Menu allblacks.com

News

Junior World Championship vital for the All Blacks

Getty Images

allblacks.com     21 May 2014     Getty Images

“I have been fortunate to have been to a few of these tournaments myself and there has been some great rugby played and some of the super stars of tomorrow will be playing it.”

More importantly, he knows well that JWC is a proven finishing school for his own future All Blacks. 17 of the 2013 Air New Zealand European Tour squad were JWC graduates.

“It’s massively important for their development, it doesn’t mean to say you can’t make the All Blacks by going through that team, but it does help.

“It exposes them to high level, professional preparation and from my point of view, preparation is key to everything and if you get that right, you get a consistency of performance each week and you get an opportunity as selector to say, hey, this guy is playing well.

“Whether it be at Super Rugby level or ITM Cup level, those guys are that age are looking at making a career and it’s about consistency of performance.”



All Blacks Captain Richie McCaw echoes those comments. He played in an earlier version of the tournament and regards the experience as one of his fondest memories as a young player.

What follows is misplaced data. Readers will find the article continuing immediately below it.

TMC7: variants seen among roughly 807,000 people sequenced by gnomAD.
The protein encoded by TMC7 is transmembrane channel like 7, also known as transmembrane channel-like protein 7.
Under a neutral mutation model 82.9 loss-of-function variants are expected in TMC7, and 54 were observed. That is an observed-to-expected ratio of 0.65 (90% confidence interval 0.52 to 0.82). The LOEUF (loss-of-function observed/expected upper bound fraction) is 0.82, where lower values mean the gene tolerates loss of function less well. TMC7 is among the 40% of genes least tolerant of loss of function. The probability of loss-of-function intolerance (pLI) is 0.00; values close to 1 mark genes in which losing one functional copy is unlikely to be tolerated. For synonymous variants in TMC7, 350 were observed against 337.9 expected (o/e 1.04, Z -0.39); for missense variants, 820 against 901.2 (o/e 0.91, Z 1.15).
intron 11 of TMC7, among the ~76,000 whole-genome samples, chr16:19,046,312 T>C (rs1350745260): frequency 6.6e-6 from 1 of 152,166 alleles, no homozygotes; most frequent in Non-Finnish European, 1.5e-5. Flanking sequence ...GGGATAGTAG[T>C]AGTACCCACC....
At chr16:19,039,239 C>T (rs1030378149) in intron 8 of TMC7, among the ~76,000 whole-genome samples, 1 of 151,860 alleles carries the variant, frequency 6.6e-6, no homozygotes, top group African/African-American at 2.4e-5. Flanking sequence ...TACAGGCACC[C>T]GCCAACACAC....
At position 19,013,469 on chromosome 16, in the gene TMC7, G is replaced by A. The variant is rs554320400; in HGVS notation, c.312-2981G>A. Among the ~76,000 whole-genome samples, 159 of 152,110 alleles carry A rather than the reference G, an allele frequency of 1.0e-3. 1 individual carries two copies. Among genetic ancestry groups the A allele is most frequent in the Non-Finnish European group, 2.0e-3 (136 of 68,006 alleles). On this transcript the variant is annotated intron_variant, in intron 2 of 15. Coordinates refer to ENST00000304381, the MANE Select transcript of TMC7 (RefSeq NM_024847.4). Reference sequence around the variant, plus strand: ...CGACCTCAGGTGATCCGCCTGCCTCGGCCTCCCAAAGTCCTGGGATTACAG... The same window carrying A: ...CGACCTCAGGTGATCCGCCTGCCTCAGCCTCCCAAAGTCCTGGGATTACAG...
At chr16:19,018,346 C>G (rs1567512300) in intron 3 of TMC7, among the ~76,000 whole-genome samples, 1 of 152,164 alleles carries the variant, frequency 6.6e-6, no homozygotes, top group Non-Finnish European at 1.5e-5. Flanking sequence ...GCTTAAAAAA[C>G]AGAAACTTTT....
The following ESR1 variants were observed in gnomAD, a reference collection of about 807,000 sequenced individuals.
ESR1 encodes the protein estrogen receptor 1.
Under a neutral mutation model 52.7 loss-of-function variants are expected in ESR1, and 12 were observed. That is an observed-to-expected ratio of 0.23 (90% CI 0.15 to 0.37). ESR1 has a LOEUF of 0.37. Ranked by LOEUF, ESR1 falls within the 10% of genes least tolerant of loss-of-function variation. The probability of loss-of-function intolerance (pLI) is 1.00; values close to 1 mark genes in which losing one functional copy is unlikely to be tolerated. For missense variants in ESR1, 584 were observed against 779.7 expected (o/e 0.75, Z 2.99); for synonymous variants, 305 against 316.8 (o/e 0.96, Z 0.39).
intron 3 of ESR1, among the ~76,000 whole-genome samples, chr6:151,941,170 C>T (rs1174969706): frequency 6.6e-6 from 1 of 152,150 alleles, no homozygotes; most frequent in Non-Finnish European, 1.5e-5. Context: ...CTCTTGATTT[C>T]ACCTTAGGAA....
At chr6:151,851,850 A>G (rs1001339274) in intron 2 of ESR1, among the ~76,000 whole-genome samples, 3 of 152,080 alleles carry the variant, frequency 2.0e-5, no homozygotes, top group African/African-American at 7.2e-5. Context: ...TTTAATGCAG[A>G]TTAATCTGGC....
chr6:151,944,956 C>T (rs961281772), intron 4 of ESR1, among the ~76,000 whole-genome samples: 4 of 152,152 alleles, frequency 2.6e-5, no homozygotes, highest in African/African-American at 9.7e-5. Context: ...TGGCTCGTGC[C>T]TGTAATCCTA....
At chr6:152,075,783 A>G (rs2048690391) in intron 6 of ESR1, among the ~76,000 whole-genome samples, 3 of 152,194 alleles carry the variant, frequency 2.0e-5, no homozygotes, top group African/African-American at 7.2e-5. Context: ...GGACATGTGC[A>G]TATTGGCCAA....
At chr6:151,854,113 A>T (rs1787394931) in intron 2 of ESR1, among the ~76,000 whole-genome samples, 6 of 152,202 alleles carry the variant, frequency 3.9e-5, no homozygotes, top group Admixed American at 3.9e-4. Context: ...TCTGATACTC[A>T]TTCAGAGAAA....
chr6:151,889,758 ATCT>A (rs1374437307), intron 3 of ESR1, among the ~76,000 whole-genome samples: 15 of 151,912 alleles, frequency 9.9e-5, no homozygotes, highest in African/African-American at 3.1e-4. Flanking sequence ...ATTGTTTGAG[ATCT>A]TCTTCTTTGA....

"It’s a really important tournament. A huge percentage come through this and become All Blacks. It’s also where you first figure out how to be a professional and how you go about things as a player.”

The New Zealand Under 20 team is now in camp in Mt Maunganui preparing for a tournament the team won four straight years from 2008, the first time the tournament was held, but lost out the past two years.

Hansen says the tournament is clearly getting tougher every year as countries see the role it plays in improving the performance of senior national teams.

“We may have fallen into the trap of expecting to win it every time and when you do that, you get comfortable and maybe that is what has happened. But it’s also a credit to the other nations. Everyone is working hard at trying to get better at their game and there is no better example of that than the team that is coming here in June, England.”

Hansen believes host nation advantage could be a double edged sword for New Zealand.

“A big positive is that they will have local support and family will be there to give them that support, but the negative is the added expectation and pressure that comes with the scrutiny of playing in your own backyard. If they deal with that and take it head on, they will be OK, but if they don’t, it may be too over bearing for them.

He urged fans to take advantage of the opportunity to see the best young players in the world.

“For the fans, if they can go and support, very much like they did for the senior World Cup, it will bode well for New Zealand, because there will be a lot of overseas people that will travel to see their young folk play so it’s an opportunity to embrace the rugby public of the world and show them that New Zealand is a great place as well as seeing some marvellous rugby.”